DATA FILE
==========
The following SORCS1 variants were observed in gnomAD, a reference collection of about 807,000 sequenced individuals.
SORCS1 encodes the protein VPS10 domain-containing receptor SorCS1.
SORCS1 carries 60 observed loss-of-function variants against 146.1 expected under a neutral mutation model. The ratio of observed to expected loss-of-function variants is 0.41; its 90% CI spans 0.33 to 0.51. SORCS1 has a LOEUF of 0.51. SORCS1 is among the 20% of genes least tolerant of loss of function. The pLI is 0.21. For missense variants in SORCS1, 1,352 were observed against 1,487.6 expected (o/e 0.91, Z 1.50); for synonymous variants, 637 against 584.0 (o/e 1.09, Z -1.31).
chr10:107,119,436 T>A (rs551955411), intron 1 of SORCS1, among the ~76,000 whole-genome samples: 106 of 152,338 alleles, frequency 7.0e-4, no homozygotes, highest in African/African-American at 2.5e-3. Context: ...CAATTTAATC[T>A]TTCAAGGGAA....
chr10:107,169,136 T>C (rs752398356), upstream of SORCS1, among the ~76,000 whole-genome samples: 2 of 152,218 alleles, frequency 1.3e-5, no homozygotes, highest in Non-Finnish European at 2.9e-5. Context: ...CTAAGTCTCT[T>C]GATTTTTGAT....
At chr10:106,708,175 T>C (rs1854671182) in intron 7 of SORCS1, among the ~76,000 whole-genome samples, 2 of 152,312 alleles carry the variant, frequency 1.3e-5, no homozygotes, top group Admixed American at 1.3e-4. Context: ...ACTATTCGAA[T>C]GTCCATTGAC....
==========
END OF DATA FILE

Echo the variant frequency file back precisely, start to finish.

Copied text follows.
The following SORCS1 variants were observed in gnomAD, a reference collection of about 807,000 sequenced individuals.
SORCS1 encodes the protein VPS10 domain-containing receptor SorCS1.
SORCS1 carries 60 observed loss-of-function variants against 146.1 expected under a neutral mutation model. The ratio of observed to expected loss-of-function variants is 0.41; its 90% CI spans 0.33 to 0.51. SORCS1 has a LOEUF of 0.51. SORCS1 is among the 20% of genes least tolerant of loss of function. The pLI is 0.21. For missense variants in SORCS1, 1,352 were observed against 1,487.6 expected (o/e 0.91, Z 1.50); for synonymous variants, 637 against 584.0 (o/e 1.09, Z -1.31).
chr10:107,119,436 T>A (rs551955411), intron 1 of SORCS1, among the ~76,000 whole-genome samples: 106 of 152,338 alleles, frequency 7.0e-4, no homozygotes, highest in African/African-American at 2.5e-3. Context: ...CAATTTAATC[T>A]TTCAAGGGAA....
chr10:107,169,136 T>C (rs752398356), upstream of SORCS1, among the ~76,000 whole-genome samples: 2 of 152,218 alleles, frequency 1.3e-5, no homozygotes, highest in Non-Finnish European at 2.9e-5. Context: ...CTAAGTCTCT[T>C]GATTTTTGAT....
At chr10:106,708,175 T>C (rs1854671182) in intron 7 of SORCS1, among the ~76,000 whole-genome samples, 2 of 152,312 alleles carry the variant, frequency 1.3e-5, no homozygotes, top group Admixed American at 1.3e-4. Context: ...ACTATTCGAA[T>C]GTCCATTGAC....